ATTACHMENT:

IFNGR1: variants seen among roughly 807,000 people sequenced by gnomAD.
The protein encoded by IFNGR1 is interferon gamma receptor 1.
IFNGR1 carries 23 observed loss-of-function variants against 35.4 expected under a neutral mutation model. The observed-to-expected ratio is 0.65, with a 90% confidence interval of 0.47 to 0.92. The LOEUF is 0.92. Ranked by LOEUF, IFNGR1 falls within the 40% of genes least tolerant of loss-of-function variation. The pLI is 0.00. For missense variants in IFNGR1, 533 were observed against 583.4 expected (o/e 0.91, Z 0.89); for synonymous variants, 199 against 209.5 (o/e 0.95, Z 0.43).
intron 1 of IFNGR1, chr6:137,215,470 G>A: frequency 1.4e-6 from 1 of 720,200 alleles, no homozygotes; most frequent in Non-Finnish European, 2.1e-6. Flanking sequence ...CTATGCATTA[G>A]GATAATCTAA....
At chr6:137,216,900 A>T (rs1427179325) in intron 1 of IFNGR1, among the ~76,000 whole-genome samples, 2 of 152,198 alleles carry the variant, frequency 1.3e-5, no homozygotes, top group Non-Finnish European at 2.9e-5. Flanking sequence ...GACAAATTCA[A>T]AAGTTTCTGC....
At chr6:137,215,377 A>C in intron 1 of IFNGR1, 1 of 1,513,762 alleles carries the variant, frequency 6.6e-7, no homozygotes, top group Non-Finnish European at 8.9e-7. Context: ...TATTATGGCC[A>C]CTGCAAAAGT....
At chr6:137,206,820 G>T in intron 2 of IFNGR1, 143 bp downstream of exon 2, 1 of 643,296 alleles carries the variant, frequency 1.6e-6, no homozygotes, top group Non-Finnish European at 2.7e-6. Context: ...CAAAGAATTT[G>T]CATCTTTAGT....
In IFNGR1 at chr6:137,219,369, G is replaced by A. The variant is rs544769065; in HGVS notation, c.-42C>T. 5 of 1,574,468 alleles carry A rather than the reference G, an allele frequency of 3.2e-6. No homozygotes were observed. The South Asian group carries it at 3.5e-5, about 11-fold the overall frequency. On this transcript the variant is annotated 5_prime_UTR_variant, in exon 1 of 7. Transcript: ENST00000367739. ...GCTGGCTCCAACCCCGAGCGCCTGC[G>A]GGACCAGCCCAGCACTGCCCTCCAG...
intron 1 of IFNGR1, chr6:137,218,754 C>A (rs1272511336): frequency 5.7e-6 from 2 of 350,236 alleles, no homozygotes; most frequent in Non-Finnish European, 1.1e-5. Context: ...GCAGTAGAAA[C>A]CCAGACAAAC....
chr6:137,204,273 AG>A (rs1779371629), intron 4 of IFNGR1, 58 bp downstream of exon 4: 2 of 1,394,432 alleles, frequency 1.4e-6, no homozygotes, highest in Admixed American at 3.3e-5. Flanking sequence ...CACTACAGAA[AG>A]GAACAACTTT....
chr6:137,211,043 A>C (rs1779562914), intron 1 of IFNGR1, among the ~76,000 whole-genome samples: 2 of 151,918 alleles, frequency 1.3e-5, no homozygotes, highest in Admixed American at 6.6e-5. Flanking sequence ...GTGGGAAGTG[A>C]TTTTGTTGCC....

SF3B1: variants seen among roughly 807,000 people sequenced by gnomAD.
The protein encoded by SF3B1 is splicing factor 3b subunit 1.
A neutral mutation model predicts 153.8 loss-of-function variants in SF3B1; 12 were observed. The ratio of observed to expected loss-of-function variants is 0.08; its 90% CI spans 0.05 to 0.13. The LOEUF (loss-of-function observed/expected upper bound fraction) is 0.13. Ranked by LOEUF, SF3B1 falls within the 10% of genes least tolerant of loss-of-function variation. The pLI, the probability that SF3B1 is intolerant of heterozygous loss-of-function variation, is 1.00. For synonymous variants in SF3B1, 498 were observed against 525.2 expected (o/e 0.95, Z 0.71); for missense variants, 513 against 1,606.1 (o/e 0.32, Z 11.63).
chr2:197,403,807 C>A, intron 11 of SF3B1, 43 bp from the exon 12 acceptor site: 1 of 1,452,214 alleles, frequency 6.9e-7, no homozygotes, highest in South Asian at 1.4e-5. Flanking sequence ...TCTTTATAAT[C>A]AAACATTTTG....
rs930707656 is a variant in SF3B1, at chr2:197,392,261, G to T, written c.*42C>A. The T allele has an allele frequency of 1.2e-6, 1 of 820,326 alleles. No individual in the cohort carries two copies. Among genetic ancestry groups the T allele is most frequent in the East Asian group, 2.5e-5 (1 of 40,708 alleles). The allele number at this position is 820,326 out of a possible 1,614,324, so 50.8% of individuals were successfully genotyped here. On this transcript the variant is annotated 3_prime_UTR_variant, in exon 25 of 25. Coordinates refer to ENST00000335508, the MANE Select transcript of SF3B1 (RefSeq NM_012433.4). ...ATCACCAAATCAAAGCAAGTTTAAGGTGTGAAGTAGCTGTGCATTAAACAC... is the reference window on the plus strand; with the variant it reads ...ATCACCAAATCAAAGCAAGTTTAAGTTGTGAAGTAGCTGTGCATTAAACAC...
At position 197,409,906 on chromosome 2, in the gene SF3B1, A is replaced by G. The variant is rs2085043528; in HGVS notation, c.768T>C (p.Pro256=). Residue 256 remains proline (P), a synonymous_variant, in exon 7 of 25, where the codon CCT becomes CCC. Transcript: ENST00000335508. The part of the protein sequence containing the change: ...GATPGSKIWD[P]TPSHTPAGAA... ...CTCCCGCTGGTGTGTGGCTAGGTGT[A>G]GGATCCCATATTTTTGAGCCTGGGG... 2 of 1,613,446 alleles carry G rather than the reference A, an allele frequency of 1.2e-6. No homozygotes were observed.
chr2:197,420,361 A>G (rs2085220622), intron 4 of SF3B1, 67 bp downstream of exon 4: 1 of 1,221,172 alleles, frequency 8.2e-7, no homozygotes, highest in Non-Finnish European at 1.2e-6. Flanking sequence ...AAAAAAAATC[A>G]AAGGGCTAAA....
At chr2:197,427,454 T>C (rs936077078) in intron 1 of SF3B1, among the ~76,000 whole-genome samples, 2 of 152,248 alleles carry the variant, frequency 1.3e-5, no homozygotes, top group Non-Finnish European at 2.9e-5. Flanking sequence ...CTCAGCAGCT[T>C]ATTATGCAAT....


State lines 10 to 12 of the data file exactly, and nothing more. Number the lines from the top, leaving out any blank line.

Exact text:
chr6:137,204,273 AG>A (rs1779371629), intron 4 of IFNGR1, 58 bp downstream of exon 4: 2 of 1,394,432 alleles, frequency 1.4e-6, no homozygotes, highest in Admixed American at 3.3e-5. Flanking sequence ...CACTACAGAA[AG>A]GAACAACTTT....
chr6:137,211,043 A>C (rs1779562914), intron 1 of IFNGR1, among the ~76,000 whole-genome samples: 2 of 151,918 alleles, frequency 1.3e-5, no homozygotes, highest in Admixed American at 6.6e-5. Flanking sequence ...GTGGGAAGTG[A>C]TTTTGTTGCC....

SF3B1: variants seen among roughly 807,000 people sequenced by gnomAD.